Okay, okay I love a good snow storm. But this cold, I'm not really sure. I spent most of the day yesterday preparing the animals around the farm for the upcoming Artic Blast. Fresh clean water, barns bedded down with straw and hay and just making sure everybody had what they needed. The rain is pouring as I write this. The big concern begins Monday evening when temperatures drop and the wind chill goes right with it. The low overnight Monday/Tuesday is projected to be -8 degrees, with the high on Tuesday being 5 degrees. Wind chills are forecasted at between -20 and -40. We will be back in the 40's again by Friday, just in time to have major sinus congestion for the weekend.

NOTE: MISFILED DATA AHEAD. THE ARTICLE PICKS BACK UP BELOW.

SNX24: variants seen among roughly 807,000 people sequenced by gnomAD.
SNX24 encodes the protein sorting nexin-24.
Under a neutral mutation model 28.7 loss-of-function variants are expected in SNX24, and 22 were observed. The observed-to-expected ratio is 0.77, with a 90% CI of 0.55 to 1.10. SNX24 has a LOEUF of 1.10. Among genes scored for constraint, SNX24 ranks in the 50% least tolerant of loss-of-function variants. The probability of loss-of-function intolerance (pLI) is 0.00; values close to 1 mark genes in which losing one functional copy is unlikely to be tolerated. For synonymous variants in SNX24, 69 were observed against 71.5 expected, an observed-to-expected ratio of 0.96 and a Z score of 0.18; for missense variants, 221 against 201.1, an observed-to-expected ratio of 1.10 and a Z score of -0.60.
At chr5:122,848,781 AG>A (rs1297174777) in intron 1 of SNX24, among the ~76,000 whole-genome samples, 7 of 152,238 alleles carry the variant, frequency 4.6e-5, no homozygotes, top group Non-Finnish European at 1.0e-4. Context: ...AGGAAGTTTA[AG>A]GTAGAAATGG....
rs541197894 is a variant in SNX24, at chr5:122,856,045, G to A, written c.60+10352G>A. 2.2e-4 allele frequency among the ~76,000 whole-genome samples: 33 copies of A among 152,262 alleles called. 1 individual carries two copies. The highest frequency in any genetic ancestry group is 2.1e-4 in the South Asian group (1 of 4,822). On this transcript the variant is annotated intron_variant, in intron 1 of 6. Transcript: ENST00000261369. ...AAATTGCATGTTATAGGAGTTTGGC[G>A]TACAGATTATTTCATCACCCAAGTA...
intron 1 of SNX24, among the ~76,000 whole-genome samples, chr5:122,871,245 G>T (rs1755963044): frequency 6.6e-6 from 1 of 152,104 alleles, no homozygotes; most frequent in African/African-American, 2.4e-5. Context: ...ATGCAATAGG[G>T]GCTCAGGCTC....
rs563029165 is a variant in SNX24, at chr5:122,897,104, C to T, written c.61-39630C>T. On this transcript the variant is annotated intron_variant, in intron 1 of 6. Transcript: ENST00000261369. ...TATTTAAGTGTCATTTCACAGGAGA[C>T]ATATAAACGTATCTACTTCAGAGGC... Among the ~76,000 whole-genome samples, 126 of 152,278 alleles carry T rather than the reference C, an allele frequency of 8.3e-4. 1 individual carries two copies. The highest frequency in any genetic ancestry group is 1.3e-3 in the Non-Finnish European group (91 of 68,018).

We get asked a lot. Do bees hibernate? The answer is no. The bees form a cluster, holding tightly together on the honey combs in the hive. The outer bees form an insulating shell that prevents excessive loss of heat. Within the cluster the warmth permits normal cluster activity such as rearing the young and consuming food.
Bees can survive the cold. A full size colony, with an adequate supply of honey and a strong young queen can survive a hard winter. A healthy, large hive will have no trouble turning up the heat because of there size. Winter survival is all about healthy hives during the summer months, large number of bees and plenty of pollen and stored honey for the upcoming winter months.
Cluster of winter bees under the inner cover.
Guinea's, Ducks and Peafowl are all ready with cozy coops.
Even the older horses had their blankets put on and were given plenty of hay and water.
Figaro the cat has made his way into the warm office too!